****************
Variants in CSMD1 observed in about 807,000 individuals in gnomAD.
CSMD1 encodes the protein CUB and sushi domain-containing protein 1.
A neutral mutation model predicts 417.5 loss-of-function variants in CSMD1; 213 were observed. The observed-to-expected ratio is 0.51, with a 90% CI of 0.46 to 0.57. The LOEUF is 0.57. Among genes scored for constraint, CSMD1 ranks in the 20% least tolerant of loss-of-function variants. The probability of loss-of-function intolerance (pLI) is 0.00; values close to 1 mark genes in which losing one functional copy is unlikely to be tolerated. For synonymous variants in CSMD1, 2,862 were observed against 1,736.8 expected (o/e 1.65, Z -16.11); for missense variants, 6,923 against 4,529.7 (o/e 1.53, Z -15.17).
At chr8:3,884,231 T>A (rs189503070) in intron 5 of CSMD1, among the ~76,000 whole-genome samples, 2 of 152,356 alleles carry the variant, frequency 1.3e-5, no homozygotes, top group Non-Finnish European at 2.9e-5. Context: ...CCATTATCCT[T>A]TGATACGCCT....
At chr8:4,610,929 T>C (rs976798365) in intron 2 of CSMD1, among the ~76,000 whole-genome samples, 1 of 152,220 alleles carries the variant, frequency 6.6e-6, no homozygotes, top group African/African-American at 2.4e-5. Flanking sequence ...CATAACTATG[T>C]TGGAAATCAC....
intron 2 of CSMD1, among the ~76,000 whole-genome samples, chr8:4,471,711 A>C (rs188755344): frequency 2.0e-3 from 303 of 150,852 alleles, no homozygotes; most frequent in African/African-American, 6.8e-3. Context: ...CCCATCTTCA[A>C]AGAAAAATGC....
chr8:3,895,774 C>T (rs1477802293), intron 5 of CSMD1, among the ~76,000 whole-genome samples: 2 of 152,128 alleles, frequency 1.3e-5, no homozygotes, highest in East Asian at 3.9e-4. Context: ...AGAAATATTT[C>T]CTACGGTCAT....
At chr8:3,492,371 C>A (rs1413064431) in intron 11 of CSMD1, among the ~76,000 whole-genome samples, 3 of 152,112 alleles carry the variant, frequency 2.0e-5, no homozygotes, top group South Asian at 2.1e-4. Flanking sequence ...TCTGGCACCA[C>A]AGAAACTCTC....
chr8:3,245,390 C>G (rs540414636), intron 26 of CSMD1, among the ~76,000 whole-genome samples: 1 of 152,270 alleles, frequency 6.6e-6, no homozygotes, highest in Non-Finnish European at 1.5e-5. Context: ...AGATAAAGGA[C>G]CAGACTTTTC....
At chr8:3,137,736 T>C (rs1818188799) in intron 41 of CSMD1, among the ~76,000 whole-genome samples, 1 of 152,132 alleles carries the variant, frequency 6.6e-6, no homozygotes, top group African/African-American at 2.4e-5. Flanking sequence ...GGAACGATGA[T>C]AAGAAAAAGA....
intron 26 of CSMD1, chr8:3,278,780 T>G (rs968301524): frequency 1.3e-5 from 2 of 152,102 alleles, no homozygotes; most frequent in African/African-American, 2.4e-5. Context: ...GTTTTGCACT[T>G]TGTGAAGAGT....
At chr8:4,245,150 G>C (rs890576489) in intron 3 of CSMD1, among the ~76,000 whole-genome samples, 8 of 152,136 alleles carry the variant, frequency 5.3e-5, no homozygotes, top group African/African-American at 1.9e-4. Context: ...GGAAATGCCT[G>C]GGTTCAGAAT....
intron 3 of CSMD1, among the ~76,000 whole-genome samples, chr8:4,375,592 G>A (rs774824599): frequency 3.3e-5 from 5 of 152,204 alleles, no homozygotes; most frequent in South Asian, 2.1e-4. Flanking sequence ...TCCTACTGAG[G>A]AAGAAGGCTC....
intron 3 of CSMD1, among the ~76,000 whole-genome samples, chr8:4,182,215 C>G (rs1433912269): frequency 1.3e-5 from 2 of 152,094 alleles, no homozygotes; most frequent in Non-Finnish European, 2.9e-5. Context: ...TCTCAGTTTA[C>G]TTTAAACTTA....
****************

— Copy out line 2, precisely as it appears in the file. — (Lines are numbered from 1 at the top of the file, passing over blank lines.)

CSMD1 encodes the protein CUB and sushi domain-containing protein 1.